Beginning with both Wilhelm Reich and the Frankfurt School, a series of (mainly French) theorists within the Marxist tradition attempted to understand the failure of worker-centered rebellions against capitalist order from the point of view not of the overt, weaponized ability of the owning classes to keep the masses at bay, but from the point of view of common, reactionary desires—in a word, fascist desire—that both kept the proletariat bound to its place in the social order and animated the ruling classes’ irrational (economically unproductive) taste for war, planetary destruction, and domination. Here we examine two exemplary studies of the “libidinal economy” of capitalism.
- Pierre Klossowski, Living Currency
- Gilles Deleuze and Felix Guattari, Anti-Oedipus
10/20 Libidinal Economy II: Excess & Sovereignty
Another take on the non-rational basis of the capitalist social order, Georges Bataille’s work focuses on the problem of the surplus or excess that all human societies (including capitalist ones) generate, and situates capitalism’s destructiveness in an impasse not of desire but of sovereignty.
- Georges Bataille, The Accursed Share, Vol. I
- David Graeber and Marshal Sahlins, On Kings
10/27 Libidinal Economy III: Blackness & Enslavability
The European tradition of Marxist critical theory largely failed to sufficiently consider the essentially anti-black, racialized basis of capitalism itself. Arguably it is the libidinal economy of anti-blackness (enslavability) that is the very center of not just capitalism but the modern “humanist” world order, and it is perhaps only by fully confronting anti-blackness that the libidinal economy of the modern/capitalist world order comes into focus, or may be undone.
- Cedric Robinson, Black Marxism: The Making of the Black Radical Tradition
- Achille Mbembe, Critique of Black Reason
- Frank Wilderson, Afropessimism
- Nahum Chandler, X: The Problem of the Negro as a Problem for Thought
11/3 NO MEETING, ELECTION NIGHT
11/10 Black as Earth I: From Man to the Unsovereign
The Black Radical Tradition offers insights into what human life might be like beyond the racialized project of modern humanism upon which production as enslavement has been based and by which it has been justified. The Afropessimist current, in particular, alerts us to deep conceptual contradictions—with catastrophic political consequences—in both theological and secular modern concepts of freedom, redemption, and humanity itself.
- Sylvia Wynter, “Unsettling the Coloniality of Being/Power/Truth/Freedom”
- Jared Sexton, “The Vel of Slavery,” and “People-of-Color-Blindness: Notes on the Afterlife of Slavery”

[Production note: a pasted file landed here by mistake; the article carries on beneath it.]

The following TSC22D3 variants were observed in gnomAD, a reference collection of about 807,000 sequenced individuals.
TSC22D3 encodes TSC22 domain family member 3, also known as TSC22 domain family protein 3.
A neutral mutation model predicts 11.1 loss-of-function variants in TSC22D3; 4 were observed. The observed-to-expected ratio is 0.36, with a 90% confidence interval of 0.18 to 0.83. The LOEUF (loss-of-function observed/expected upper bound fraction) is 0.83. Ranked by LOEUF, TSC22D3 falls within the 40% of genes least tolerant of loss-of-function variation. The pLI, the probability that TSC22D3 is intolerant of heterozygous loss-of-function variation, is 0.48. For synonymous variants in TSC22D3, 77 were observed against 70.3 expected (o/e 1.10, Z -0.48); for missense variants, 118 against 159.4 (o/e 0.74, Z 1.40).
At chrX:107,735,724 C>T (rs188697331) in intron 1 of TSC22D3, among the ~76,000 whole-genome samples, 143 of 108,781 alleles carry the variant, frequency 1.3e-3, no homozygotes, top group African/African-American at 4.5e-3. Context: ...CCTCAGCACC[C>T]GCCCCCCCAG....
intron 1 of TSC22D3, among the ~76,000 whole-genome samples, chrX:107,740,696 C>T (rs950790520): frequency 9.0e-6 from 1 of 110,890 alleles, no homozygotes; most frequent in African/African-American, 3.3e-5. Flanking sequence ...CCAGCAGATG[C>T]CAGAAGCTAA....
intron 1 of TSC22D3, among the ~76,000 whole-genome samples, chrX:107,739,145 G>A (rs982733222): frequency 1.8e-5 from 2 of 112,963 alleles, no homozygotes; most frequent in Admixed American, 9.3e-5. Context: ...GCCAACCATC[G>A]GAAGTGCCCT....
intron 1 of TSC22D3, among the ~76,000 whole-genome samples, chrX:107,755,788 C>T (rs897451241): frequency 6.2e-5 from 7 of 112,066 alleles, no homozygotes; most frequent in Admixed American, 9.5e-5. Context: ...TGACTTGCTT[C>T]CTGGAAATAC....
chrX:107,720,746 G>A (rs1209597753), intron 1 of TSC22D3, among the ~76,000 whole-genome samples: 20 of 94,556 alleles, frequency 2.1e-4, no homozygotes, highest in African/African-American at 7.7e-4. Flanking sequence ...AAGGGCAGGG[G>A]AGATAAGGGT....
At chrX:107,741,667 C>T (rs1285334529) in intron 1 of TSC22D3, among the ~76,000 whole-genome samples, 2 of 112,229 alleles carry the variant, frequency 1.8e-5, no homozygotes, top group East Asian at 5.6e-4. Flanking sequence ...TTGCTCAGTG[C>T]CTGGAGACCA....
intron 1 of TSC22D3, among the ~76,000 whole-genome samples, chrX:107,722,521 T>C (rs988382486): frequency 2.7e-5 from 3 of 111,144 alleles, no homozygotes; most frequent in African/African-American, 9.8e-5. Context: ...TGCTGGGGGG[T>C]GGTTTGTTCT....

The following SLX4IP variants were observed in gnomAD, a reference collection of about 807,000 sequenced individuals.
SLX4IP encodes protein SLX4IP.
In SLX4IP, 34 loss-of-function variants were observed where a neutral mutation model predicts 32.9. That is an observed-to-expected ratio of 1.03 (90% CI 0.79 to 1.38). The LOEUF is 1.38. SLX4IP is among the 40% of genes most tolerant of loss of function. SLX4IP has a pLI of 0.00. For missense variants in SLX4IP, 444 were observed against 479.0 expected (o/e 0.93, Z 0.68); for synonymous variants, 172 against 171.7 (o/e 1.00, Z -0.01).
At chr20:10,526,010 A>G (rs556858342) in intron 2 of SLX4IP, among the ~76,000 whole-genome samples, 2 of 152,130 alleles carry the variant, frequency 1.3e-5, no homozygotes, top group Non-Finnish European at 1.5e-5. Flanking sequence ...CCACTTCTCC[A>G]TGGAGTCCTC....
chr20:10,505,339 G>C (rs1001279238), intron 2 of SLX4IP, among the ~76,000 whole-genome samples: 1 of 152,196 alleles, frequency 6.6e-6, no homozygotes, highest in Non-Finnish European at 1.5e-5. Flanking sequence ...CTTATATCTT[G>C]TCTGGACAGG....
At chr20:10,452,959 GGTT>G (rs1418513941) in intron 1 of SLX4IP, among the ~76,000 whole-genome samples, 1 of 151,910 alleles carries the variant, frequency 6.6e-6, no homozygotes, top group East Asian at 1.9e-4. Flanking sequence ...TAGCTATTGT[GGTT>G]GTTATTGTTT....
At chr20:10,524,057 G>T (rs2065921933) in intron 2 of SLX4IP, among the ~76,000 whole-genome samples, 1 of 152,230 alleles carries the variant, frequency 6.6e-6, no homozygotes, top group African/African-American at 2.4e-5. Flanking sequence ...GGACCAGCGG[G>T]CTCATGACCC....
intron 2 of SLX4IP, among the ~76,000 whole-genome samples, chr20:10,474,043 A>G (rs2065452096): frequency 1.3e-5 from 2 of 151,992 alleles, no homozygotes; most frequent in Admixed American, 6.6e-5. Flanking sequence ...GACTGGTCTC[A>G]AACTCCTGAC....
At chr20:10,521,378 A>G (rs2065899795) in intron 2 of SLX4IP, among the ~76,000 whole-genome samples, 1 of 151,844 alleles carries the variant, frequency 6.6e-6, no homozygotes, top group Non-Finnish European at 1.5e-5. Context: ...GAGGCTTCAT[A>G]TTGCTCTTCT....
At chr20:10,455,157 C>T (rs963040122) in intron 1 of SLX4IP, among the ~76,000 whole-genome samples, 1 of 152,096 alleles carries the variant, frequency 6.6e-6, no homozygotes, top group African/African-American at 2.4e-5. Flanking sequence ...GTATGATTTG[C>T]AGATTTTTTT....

- Fred Moten, “Blackness and Nothingness (Mysticism in the Flesh)”
11/17 Black as Earth II: From Racial Ecology to the Non-Extractive Human
Addressing the catastrophe of planetary collapse is impossible without confronting the anti-black racist basis of extractivism and speciesism. This week’s seminar will anticipate the arguments of Seminar III: Becoming-Soil, which will draw on the insights of animist and perspectivist cosmologies, as well as queer feminist critiques of work and the family, to engage in speculation on what a non-extractive, post-speciesist humanism might become, after the “end of the world.”
- Kathryn Yousef, A Billion Black Anthropocenes or None
- Edouard Glissant, Poetics of Relation
- Donna Haraway, Staying With the Trouble
- Alison McDowell, www.wrenchinthegears.com
Facilitator: Joshua Ramey, PhD is a writer, educator, and shamanic practitioner based in Philadelphia. He is the author of The Hermetic Deleuze: Philosophy and Spiritual Ordeal and Politics of Divination: Neoliberal Endgame and the Religion of Contingency. Since earning his Doctorate in Philosophy from Villanova University in 2006, he has held positions at Grinnell College, Haverford College, and Rowan University. He is currently devoting his time and energy to writing in and teaching for counter-institutional initiatives like Incite Seminars. Support his work at www.patreon.com/joshuaramey. Learn more about his shamanic work at www.becoming-fluid.com.
Dates: Tuesdays, October 6- November 17, 6-9pm EST
Cost: To pay for this seminar, please sign up to support Joshua Ramey via his Patreon at any level of contribution. This seminar series is designed to enable the writing and publication of Dr. Ramey’s book For The Remains: Undoing Economic Sovereignty over the course of the next 18 months. By becoming a Patreon supporter, you will gain access to all the live and archived seminars related to this project, as well as receive advance chapters of the book incrementally and the finished manuscript upon completion. We are experimenting with creating a different model of collective knowledge production and distribution, rather than “selling” you and “educational product.” Please join us in this experiment!
Readings: A Seminar Reader will be sent on registration.